Marlene Dirschauer: “If a book has a base that is stands upon…”

If a book has a base that it stands upon, if it is a bowl that one fills and fills and fills, then my book without a doubt stands upon this memory. It is of lying on my balcony on a lovely spring afternoon, reading To the Lighthouse (1927) for the first time and being struck by Woolf’s abundant use of water metaphors, by the flow of her sentences, and by the elegance of a writer who, as I later learned, took rhythm very seriously, and who somehow managed to never use “a word wrong for a page at a time” (Woolf, Diary 132). Yet, the effect of her writing was far from watery—her words were solid and precise, and they conveyed reality in a way that was utterly new to me. In other words, like so many before me, I fell head over heels in love with Virginia Woolf’s writing.

In my attempt to get hold of the “swirling waters” of Woolf’s art, I sometimes felt akin to Orlando trying in vain to “breast the flood” of the river on which his lover disappears toward the sea (Woolf, Orlando 45–45); but the attempt itself was incredibly joyful. 

Marlene Dirschauer
22 August 2022

Works Cited

Woolf, Virginia. The Diary of Virginia Woolf: 1925–1930. Vol. III. Edited by Anne Olivier Bell, assisted by Andrew McNeillie, Harcourt, 1980. Vol. 3 of The Diary of Virginia Woolf.

Woolf, Virginia. The Essays of Virginia Woolf: 1933–1941. Edited by Stuart N. Clarke, Hogarth Press, 2011. Vol. 6 of The Essays of Virginia Woolf.

Woolf, Virginia. Orlando: A Biography. 1928. Edited by Brenda Lyons with an introduction and notes by Sandra M. Gilbert, London, Penguin, 2000.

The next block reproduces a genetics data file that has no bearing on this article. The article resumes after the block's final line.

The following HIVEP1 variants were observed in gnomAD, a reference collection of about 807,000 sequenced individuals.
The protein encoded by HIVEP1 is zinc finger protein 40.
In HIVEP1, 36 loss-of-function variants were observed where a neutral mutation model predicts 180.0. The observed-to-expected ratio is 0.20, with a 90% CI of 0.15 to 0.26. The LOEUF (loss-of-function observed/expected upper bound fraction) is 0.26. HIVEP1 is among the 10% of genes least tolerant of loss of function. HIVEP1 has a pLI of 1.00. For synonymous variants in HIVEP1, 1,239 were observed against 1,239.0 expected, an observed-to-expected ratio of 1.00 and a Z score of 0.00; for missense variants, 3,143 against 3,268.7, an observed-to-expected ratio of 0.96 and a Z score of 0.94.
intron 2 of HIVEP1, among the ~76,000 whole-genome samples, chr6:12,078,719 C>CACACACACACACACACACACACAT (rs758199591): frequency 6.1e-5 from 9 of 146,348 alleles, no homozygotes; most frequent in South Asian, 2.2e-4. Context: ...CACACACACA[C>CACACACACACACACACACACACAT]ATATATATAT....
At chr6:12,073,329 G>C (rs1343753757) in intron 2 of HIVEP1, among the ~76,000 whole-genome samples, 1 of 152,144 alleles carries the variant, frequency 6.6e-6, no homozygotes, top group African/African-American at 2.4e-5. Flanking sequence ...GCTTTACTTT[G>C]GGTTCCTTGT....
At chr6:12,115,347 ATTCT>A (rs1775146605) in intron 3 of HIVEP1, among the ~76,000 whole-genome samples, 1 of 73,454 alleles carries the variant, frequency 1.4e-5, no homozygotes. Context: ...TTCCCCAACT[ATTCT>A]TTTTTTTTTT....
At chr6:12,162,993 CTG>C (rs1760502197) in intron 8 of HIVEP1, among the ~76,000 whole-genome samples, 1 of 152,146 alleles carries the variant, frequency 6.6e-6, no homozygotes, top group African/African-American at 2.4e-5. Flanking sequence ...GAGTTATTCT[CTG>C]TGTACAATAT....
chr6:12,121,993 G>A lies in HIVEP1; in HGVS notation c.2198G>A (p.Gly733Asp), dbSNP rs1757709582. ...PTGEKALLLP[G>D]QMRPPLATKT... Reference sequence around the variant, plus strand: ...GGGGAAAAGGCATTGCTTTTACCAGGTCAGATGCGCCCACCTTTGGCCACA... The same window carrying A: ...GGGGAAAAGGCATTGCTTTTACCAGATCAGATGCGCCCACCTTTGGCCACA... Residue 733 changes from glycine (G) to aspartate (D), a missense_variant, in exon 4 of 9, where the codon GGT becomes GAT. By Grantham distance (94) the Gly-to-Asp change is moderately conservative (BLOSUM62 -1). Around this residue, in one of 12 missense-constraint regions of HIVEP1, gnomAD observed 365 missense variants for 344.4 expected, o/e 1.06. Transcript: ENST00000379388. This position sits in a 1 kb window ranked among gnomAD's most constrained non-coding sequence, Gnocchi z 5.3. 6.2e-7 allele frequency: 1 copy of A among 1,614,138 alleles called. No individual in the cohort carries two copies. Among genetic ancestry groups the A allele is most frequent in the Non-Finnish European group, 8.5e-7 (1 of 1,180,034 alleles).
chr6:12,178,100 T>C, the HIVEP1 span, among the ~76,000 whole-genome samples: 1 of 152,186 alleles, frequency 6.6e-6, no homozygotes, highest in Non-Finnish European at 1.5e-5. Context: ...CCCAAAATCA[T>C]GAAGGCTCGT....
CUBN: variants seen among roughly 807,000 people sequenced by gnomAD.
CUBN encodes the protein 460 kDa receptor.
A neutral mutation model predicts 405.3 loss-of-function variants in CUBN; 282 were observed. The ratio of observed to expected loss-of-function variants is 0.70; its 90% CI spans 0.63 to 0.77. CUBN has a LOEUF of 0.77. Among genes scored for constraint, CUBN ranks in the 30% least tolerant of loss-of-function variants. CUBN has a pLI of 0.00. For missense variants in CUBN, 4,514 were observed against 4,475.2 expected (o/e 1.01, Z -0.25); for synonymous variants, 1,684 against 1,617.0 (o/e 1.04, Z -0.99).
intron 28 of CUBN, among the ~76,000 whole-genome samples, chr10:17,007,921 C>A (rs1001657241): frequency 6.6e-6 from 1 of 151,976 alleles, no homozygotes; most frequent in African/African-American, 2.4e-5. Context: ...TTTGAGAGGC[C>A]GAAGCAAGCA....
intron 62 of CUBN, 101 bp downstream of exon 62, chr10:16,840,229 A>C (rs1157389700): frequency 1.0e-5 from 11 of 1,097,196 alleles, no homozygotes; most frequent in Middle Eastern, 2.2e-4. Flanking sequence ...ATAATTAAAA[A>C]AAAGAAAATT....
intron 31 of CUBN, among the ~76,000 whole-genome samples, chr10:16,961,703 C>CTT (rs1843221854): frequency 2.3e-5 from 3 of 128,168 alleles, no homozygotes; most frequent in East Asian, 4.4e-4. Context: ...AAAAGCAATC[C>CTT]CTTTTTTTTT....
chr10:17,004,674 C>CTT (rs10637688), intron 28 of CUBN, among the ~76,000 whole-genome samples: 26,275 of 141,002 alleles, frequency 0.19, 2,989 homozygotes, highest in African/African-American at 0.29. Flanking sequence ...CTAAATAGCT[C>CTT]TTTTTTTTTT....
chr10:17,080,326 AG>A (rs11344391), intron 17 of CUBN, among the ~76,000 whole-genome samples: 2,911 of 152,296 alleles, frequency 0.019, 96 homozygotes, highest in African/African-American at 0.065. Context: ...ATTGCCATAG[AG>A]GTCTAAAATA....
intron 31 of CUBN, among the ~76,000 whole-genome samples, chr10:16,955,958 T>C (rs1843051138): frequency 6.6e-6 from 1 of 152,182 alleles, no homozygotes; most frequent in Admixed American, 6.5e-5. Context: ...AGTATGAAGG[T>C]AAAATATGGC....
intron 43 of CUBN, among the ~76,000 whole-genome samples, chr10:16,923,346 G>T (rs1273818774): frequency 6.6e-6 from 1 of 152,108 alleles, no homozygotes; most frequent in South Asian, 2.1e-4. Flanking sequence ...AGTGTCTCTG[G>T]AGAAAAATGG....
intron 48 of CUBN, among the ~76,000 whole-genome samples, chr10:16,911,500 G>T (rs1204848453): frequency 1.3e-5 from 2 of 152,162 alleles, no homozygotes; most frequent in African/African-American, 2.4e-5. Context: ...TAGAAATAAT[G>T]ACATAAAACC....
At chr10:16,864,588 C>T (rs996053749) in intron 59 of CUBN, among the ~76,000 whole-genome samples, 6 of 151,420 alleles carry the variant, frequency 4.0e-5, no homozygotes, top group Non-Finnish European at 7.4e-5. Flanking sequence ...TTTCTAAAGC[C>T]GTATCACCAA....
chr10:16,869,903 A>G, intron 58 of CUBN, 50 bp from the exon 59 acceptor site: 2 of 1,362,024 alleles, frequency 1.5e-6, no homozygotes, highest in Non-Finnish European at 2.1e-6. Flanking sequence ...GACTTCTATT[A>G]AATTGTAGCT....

Woolf, Virginia. A Room of One’s Own. 1929. Edited with an introduction and notes by Michèle Barrett, London, Penguin, 2011.

Woolf, Virginia. The Waves. 1931. Edited with an introduction and notes by Kate Flint, London, Penguin, 1992.

Published by International Virginia Woolf Society

The International Virginia Woolf Society is devoted to encouraging and facilitating the scholarly study of, critical attention to, and general interest in, the work and career of Virginia Woolf, and to facilitate ways in which all people interested in her writings— scholars, critics, teachers, students, artists and general readers—may learn from one another, meet together, contact each other, and help one another. Find out more about our organization, activities, and Virginia Woolf herself by following the links on our home page.

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